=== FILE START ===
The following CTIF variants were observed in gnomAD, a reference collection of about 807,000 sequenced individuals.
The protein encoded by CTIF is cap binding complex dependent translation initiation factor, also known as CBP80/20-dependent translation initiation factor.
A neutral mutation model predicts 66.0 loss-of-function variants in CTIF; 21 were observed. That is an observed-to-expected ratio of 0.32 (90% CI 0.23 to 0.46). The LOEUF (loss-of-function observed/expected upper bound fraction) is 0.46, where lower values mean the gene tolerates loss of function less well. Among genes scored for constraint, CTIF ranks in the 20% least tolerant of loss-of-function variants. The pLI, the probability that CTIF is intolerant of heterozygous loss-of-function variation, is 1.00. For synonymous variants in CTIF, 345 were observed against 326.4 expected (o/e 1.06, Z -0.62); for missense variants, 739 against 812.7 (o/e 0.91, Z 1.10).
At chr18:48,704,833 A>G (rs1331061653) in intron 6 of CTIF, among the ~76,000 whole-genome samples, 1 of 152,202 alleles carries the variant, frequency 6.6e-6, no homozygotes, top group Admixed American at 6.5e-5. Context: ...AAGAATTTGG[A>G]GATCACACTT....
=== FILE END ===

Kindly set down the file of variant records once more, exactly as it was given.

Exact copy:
The following CTIF variants were observed in gnomAD, a reference collection of about 807,000 sequenced individuals.
The protein encoded by CTIF is cap binding complex dependent translation initiation factor, also known as CBP80/20-dependent translation initiation factor.
A neutral mutation model predicts 66.0 loss-of-function variants in CTIF; 21 were observed. That is an observed-to-expected ratio of 0.32 (90% CI 0.23 to 0.46). The LOEUF (loss-of-function observed/expected upper bound fraction) is 0.46, where lower values mean the gene tolerates loss of function less well. Among genes scored for constraint, CTIF ranks in the 20% least tolerant of loss-of-function variants. The pLI, the probability that CTIF is intolerant of heterozygous loss-of-function variation, is 1.00. For synonymous variants in CTIF, 345 were observed against 326.4 expected (o/e 1.06, Z -0.62); for missense variants, 739 against 812.7 (o/e 0.91, Z 1.10).
At chr18:48,704,833 A>G (rs1331061653) in intron 6 of CTIF, among the ~76,000 whole-genome samples, 1 of 152,202 alleles carries the variant, frequency 6.6e-6, no homozygotes, top group Admixed American at 6.5e-5. Context: ...AAGAATTTGG[A>G]GATCACACTT....